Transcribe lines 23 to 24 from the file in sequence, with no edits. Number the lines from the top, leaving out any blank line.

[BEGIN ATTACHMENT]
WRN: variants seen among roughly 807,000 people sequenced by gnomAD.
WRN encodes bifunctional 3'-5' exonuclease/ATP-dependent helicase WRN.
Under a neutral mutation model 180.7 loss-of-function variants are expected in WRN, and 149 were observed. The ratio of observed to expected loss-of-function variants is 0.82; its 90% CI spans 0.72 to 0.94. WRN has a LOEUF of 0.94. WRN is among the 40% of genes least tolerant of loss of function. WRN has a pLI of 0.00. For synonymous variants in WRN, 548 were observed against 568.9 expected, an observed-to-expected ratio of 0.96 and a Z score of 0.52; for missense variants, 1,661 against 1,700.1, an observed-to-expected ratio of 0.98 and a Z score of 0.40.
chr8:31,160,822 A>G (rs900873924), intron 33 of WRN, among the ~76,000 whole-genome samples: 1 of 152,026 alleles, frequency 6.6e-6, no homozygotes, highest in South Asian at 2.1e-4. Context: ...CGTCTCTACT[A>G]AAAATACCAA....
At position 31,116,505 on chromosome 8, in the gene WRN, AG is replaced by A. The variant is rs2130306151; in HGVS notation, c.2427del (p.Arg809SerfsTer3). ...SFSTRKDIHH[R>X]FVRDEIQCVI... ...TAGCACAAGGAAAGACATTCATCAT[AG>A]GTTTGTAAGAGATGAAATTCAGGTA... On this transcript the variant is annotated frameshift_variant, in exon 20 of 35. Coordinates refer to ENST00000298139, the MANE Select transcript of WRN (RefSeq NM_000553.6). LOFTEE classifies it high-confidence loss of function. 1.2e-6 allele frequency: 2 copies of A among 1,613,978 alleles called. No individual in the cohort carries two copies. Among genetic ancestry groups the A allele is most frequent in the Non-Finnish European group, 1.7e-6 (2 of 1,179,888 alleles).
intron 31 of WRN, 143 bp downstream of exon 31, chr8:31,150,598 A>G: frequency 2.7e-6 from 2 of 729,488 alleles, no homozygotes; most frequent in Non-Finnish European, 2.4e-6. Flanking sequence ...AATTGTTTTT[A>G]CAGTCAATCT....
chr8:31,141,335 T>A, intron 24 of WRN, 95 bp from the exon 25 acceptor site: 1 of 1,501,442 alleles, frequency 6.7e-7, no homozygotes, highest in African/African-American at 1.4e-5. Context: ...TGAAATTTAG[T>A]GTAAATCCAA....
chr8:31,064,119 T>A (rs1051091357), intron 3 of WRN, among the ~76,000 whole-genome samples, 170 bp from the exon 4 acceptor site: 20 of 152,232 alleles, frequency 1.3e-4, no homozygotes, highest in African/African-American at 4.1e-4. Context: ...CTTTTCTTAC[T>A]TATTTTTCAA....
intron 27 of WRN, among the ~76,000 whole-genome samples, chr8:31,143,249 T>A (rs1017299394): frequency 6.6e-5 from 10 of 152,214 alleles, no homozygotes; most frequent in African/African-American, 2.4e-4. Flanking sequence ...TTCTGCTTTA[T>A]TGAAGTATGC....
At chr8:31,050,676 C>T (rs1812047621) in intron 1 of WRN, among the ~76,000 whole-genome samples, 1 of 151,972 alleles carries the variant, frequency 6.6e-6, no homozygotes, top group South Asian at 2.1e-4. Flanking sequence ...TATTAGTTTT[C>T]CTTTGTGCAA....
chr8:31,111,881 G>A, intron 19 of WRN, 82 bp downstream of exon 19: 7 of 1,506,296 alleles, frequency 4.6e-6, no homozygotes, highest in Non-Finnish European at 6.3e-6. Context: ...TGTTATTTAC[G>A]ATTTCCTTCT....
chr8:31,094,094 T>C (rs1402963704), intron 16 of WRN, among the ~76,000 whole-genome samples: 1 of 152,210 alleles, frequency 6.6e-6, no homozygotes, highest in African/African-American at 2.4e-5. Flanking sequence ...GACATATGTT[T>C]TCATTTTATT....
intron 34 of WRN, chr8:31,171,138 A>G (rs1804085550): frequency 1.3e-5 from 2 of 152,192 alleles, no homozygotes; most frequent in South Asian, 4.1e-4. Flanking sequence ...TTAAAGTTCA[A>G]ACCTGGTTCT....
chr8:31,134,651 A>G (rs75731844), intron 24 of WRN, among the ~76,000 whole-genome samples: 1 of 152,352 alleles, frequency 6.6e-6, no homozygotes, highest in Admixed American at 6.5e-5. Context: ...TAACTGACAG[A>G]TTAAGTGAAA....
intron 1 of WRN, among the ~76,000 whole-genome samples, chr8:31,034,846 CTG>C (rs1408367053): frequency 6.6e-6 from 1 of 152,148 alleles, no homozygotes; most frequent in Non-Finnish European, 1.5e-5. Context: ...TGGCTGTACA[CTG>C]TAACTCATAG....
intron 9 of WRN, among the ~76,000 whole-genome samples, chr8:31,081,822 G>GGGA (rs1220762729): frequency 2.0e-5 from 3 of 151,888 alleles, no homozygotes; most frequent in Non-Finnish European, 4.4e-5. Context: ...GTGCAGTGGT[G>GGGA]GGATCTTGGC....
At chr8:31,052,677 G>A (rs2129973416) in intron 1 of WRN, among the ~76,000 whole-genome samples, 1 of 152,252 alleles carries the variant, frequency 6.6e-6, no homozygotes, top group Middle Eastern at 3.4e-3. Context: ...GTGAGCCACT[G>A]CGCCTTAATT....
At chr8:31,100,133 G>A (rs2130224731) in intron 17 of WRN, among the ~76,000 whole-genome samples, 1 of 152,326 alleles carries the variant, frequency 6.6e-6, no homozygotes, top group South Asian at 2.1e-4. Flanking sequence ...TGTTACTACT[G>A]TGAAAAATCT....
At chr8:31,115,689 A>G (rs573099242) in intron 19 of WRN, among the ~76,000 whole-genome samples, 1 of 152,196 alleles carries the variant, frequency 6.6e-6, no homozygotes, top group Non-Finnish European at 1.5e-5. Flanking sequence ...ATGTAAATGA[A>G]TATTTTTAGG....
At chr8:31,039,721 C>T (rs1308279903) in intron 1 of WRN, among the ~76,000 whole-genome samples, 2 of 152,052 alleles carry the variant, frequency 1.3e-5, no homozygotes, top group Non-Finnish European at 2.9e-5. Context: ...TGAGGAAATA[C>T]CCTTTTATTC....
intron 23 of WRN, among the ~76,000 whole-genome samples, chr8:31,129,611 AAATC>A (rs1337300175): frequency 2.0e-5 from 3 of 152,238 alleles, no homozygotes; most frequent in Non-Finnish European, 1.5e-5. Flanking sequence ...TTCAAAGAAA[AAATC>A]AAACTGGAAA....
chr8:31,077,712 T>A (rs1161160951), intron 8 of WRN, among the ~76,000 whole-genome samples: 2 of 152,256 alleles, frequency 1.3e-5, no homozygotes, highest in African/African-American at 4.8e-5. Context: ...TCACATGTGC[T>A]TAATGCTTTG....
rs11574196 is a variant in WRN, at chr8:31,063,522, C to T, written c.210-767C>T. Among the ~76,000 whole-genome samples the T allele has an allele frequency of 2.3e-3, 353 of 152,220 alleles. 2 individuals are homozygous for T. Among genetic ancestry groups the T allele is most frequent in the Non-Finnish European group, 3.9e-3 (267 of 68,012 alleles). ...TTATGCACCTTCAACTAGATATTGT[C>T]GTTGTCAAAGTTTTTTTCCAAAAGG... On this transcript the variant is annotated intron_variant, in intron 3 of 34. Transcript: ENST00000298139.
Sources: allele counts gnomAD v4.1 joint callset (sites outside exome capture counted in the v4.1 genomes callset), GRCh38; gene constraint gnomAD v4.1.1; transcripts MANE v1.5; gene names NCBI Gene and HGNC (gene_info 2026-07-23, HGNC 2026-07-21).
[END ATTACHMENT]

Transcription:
rs11574196 is a variant in WRN, at chr8:31,063,522, C to T, written c.210-767C>T. Among the ~76,000 whole-genome samples the T allele has an allele frequency of 2.3e-3, 353 of 152,220 alleles. 2 individuals are homozygous for T. Among genetic ancestry groups the T allele is most frequent in the Non-Finnish European group, 3.9e-3 (267 of 68,012 alleles). ...TTATGCACCTTCAACTAGATATTGT[C>T]GTTGTCAAAGTTTTTTTCCAAAAGG... On this transcript the variant is annotated intron_variant, in intron 3 of 34. Transcript: ENST00000298139.
Sources: allele counts gnomAD v4.1 joint callset (sites outside exome capture counted in the v4.1 genomes callset), GRCh38; gene constraint gnomAD v4.1.1; transcripts MANE v1.5; gene names NCBI Gene and HGNC (gene_info 2026-07-23, HGNC 2026-07-21).